Waukesha Water Utility staff today met with consultants who will help the Waukesha Water Utility with permits, construction and public outreach for its switch to a Lake Michigan water supply.

“This was really a kickoff meeting for the permitting and planning stage of our water supply project,” according to utility general manager Dan Duchniak. “It was a chance for about 30 consultants, including sub consultants, to meet each other and discuss projects goals and their roles.”

The meeting was led by Greeley and Hansen, an engineering firm that was hired this month to manage the project, which is expected to take about five years to complete. The firm will oversee permitting, design and construction of the project, as well as route studies, land and easement acquisitions, and public outreach.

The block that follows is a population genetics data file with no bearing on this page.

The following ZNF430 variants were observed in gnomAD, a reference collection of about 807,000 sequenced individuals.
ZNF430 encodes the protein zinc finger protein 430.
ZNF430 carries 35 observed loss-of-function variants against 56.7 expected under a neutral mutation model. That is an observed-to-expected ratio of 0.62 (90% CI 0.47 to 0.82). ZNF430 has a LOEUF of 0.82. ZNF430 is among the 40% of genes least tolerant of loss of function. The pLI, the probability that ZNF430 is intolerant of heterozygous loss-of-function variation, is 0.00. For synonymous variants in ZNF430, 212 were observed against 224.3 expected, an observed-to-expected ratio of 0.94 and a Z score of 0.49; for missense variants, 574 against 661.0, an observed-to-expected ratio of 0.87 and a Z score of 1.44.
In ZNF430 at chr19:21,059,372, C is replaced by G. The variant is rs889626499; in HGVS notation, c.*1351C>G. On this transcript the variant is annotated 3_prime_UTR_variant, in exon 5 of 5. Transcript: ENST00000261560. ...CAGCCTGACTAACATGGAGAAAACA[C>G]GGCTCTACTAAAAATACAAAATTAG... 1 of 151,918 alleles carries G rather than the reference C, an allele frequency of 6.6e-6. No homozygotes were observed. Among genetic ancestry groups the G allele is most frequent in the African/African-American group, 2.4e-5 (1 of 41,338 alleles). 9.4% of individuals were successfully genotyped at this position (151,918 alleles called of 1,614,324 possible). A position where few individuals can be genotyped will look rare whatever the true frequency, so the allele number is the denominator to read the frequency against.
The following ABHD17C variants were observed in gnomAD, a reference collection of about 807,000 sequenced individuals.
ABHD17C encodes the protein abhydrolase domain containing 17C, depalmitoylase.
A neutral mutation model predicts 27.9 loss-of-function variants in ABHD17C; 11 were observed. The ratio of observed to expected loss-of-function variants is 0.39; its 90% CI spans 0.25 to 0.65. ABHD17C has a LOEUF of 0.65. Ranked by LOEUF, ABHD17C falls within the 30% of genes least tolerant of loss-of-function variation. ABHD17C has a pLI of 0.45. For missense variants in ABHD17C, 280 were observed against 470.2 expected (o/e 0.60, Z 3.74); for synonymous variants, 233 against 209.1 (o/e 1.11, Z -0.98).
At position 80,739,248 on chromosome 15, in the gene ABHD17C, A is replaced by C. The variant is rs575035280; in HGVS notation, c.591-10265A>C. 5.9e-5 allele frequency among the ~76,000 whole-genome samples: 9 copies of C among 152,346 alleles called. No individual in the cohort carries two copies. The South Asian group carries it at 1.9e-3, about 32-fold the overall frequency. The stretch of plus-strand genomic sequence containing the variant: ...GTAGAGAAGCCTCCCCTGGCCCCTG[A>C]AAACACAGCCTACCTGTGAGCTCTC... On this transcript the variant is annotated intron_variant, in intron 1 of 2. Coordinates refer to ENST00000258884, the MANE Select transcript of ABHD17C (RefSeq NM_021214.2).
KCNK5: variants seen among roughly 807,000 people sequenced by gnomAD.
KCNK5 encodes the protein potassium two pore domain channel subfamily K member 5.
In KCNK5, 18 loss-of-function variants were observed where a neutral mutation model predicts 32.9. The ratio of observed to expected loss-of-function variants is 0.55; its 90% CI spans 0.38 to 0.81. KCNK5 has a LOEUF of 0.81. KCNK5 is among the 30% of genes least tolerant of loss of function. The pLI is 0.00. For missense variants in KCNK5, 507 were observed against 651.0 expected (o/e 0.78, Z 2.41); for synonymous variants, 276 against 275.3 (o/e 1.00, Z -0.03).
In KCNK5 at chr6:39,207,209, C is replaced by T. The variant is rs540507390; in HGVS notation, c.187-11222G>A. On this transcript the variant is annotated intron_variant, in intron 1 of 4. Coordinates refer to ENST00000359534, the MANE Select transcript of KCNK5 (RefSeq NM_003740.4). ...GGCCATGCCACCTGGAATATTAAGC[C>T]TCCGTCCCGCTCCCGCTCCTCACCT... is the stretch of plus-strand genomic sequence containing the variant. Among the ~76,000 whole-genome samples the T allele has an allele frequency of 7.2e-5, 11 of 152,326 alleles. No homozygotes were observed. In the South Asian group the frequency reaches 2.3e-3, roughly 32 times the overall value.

In June, Waukesha’s application to borrow Lake Michigan water under the Great Lakes Compact was unanimously approved by the eight Great Lakes governors. The approval followed six years of review by regulators in Wisconsin and the other Great Lakes states and provinces. Waukesha received approval under the Compact to withdraw up to an average of 8.2 million gallons per day of Lake Michigan water, but it will return approximately 100% of that volume back to the Great Lakes after use and high levels of treatment. The amount that will be borrowed and returned is less than 1/1,000,000th of 1% of Great Lakes water. Waukesha’s current water supply is contaminated with radium, a human carcinogen. Long-term use of the its current deep-aquifer water supply is also environmentally unsustainable, due to a layer of shale rock that restricts recharge of the groundwater.

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